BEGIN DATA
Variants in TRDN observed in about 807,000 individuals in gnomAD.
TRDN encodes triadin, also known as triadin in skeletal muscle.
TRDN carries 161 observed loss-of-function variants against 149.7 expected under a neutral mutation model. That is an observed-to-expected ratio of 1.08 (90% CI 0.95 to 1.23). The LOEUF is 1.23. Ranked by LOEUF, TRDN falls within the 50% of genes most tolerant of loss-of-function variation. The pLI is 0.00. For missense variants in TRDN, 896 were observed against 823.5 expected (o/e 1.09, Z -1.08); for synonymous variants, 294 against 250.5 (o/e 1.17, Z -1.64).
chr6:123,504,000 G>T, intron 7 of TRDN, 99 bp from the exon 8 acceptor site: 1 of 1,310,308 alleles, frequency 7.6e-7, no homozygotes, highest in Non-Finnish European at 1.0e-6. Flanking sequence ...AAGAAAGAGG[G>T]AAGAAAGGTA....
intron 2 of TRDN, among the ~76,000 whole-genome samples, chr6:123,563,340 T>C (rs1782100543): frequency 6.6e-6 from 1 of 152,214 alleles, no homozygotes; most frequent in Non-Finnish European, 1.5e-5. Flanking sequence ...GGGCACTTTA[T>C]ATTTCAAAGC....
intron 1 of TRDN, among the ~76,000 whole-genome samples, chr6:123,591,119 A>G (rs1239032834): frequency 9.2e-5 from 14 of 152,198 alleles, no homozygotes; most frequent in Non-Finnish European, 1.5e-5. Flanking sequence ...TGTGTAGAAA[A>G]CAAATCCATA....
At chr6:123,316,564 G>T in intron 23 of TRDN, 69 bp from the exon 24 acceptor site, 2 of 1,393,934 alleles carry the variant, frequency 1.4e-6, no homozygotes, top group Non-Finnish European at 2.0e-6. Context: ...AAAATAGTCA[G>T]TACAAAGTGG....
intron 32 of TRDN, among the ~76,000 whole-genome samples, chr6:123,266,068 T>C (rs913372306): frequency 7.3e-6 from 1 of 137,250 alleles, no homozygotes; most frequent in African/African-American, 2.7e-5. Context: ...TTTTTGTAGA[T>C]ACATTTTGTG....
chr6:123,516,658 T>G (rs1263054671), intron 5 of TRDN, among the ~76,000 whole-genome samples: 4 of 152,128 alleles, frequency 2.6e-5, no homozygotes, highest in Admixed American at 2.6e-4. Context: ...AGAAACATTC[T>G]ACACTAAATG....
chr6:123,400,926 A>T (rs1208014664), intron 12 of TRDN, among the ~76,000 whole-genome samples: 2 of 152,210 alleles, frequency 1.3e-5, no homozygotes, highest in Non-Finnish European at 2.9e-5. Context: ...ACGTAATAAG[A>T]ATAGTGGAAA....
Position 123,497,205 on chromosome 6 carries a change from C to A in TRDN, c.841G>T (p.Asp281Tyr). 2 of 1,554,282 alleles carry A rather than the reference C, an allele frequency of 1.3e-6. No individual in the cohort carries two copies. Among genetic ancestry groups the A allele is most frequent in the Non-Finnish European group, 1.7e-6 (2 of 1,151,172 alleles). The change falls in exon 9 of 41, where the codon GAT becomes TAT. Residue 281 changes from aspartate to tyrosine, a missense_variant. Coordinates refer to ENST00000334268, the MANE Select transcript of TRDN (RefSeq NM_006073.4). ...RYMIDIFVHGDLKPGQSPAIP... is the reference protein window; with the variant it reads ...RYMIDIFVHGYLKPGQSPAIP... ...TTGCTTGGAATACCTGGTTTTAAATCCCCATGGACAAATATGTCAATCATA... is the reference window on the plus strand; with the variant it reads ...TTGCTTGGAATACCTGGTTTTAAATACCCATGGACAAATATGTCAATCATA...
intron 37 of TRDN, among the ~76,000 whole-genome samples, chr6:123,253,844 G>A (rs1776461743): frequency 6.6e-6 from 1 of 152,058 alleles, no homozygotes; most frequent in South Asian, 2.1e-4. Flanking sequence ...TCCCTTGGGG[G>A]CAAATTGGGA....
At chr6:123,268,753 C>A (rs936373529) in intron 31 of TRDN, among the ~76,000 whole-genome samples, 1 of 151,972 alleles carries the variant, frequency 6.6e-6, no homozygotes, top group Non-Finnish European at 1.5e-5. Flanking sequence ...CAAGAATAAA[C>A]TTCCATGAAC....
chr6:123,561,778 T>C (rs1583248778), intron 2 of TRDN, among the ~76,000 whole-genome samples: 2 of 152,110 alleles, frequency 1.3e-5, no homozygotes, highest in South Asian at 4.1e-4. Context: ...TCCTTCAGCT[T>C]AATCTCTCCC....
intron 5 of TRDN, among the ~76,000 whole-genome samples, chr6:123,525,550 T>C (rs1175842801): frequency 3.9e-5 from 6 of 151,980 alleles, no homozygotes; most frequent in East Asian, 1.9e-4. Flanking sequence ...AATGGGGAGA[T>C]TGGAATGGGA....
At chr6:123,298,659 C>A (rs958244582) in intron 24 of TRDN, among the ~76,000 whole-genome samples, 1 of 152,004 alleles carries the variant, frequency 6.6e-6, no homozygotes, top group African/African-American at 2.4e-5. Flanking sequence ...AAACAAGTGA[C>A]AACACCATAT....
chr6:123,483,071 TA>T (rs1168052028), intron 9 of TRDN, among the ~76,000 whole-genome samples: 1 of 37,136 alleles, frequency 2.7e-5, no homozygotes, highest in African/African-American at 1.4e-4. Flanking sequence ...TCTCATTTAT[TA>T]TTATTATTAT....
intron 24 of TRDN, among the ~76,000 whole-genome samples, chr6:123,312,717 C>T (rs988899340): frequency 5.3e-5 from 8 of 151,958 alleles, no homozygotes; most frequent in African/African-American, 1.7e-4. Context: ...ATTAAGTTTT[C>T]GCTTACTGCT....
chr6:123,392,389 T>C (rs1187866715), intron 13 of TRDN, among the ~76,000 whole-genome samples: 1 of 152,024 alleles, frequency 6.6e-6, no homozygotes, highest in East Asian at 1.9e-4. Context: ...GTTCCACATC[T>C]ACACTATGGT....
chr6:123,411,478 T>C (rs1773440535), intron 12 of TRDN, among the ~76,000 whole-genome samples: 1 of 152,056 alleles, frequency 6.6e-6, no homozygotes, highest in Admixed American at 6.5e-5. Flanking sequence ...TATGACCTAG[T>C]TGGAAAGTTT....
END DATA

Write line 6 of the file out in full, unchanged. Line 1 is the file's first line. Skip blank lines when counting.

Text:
intron 1 of TRDN, among the ~76,000 whole-genome samples, chr6:123,591,119 A>G (rs1239032834): frequency 9.2e-5 from 14 of 152,198 alleles, no homozygotes; most frequent in Non-Finnish European, 1.5e-5. Flanking sequence ...TGTGTAGAAA[A>G]CAAATCCATA....